Shelley Berkley statement on Senator Dean Heller’s vote against bringing transparency to campaign advertising

Berkley Highlights Senator Heller’s Opposition To DISCLOSE Act, Says Heller Will Go To Any Length To Protect His Wall Street Special Interest Backers

Berkley In Favor Of Transparency In Campaign Advertising, Co-sponsored DISCLOSE Act Last Congress and Would Like To Vote On It Again This Year

Las Vegas- Today, U.S. Senate candidate Shelley Berkley issued the following statement following Senator Dean Heller’s vote against the DISCLOSE Act (Democracy Is Strengthened by Casting Light On Spending in Elections Act). The bill would bring transparency to campaign advertising by requiring disclosure of campaign donations in excess of $10,000. The bill treats all political entities equally – whether they are unions, corporations, business associations or Super PACs.

“By opposing a common sense bill that would bring much needed transparency to political advertising, Senator Dean Heller has once again proven he’ll go to any length to protect his special interest backers. While I was proud to co-sponsor and vote for the DISCLOSE Act last Congress, and would do so again if it comes up for a vote in the House of Representatives this Congress, Senator Heller opposed it and put his Wall Street contributors ahead of Nevada’s middle-class. I continue to remain deeply committed to the notion that Nevada middle-class families should come first, not Wall Street special interests.”

BACKGROUND

2010: Heller Voted Against Campaign Finance Bill To Curtail “The Ability Of Corporations And Other Special Interest Groups To Influence Elections.” In 2010, Heller voted against the Democracy is Strengthened by Casting Light on Spending in Elections Act (DISCLOSE) Act. According to the New York Times, the legislation will “curtail the ability of corporations and other special interest groups to influence elections by requiring greater disclosure of their role in paying for campaign advertising. The bill is intended to counter a Supreme Court ruling…that the federal government may not ban political spending by corporations and other advocacy groups, like labor unions…the bill would ban spending on political campaigns by corporations that have $10 million or more in government contracts as well as by American corporations that are controlled by foreign citizens. The bill would also establish rules and restrictions for American corporations and interest groups, including a prohibition of corporations and other interest groups in coordinating spending with candidates or political parties, and a mandate that chief executives appear in any advertisement paid for by their companies.” The bill passed 219-206. [H.R. 5175, Vote #391, 6/24/10; New York Times, 6/24/10]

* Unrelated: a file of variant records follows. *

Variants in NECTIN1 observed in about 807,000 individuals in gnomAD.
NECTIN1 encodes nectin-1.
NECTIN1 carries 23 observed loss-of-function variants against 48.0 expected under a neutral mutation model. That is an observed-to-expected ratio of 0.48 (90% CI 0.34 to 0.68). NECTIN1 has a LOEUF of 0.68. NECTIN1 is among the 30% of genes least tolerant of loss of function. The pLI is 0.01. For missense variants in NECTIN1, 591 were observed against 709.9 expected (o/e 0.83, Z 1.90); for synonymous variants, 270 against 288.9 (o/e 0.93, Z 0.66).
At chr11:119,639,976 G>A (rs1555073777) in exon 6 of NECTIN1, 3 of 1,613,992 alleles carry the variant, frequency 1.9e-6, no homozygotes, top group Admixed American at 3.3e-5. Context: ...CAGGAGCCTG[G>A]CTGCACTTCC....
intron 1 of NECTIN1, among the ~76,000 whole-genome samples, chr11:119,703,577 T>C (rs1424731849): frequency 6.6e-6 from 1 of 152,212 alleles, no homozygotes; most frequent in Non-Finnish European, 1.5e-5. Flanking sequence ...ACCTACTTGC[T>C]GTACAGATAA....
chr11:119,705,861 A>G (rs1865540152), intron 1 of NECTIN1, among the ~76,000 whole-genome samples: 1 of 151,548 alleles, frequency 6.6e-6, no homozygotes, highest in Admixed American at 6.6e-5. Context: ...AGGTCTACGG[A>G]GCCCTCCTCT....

Berkley Co-Sponsored And Voted For Campaign Finance Bill To Curtail “The Ability Of Corporations And Other Special Interest Groups To Influence Elections.” In 2010, Berkley co-sponsored and voted for the Democracy is Strengthened by Casting Light on Spending in Elections Act (DISCLOSE) Act. According to the New York Times, the legislation will “curtail the ability of corporations and other special interest groups to influence elections by requiring greater disclosure of their role in paying for campaign advertising. The bill is intended to counter a Supreme Court ruling…that the federal government may not ban political spending by corporations and other advocacy groups, like labor unions…the bill would ban spending on political campaigns by corporations that have $10 million or more in government contracts as well as by American corporations that are controlled by foreign citizens. The bill would also establish rules and restrictions for American corporations and interest groups, including a prohibition of corporations and other interest groups in coordinating spending with candidates or political parties, and a mandate that chief executives appear in any advertisement paid for by their companies.” The bill passed 219-206. [H.R. 5175, Vote #391, 6/24/10; New York Times, 6/24/10]

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